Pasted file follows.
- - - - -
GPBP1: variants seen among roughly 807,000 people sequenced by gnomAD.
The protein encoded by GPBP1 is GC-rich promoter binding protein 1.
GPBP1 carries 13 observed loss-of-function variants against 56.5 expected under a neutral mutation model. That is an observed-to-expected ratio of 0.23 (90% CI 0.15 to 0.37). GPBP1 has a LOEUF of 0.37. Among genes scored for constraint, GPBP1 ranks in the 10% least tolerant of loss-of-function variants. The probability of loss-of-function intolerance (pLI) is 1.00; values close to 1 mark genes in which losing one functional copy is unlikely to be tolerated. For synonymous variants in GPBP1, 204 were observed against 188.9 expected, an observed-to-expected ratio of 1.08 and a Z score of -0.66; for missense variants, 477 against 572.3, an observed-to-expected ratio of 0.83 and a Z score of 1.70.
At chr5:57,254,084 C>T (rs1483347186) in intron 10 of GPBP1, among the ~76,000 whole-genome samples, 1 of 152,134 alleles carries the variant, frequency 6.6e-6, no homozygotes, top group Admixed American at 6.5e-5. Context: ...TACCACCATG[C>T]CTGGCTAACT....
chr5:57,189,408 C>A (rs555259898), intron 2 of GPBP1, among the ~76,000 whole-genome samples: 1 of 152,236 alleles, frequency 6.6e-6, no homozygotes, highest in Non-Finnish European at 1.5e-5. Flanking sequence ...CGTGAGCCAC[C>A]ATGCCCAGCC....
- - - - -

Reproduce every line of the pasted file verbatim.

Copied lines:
GPBP1: variants seen among roughly 807,000 people sequenced by gnomAD.
The protein encoded by GPBP1 is GC-rich promoter binding protein 1.
GPBP1 carries 13 observed loss-of-function variants against 56.5 expected under a neutral mutation model. That is an observed-to-expected ratio of 0.23 (90% CI 0.15 to 0.37). GPBP1 has a LOEUF of 0.37. Among genes scored for constraint, GPBP1 ranks in the 10% least tolerant of loss-of-function variants. The probability of loss-of-function intolerance (pLI) is 1.00; values close to 1 mark genes in which losing one functional copy is unlikely to be tolerated. For synonymous variants in GPBP1, 204 were observed against 188.9 expected, an observed-to-expected ratio of 1.08 and a Z score of -0.66; for missense variants, 477 against 572.3, an observed-to-expected ratio of 0.83 and a Z score of 1.70.
At chr5:57,254,084 C>T (rs1483347186) in intron 10 of GPBP1, among the ~76,000 whole-genome samples, 1 of 152,134 alleles carries the variant, frequency 6.6e-6, no homozygotes, top group Admixed American at 6.5e-5. Context: ...TACCACCATG[C>T]CTGGCTAACT....
chr5:57,189,408 C>A (rs555259898), intron 2 of GPBP1, among the ~76,000 whole-genome samples: 1 of 152,236 alleles, frequency 6.6e-6, no homozygotes, highest in Non-Finnish European at 1.5e-5. Flanking sequence ...CGTGAGCCAC[C>A]ATGCCCAGCC....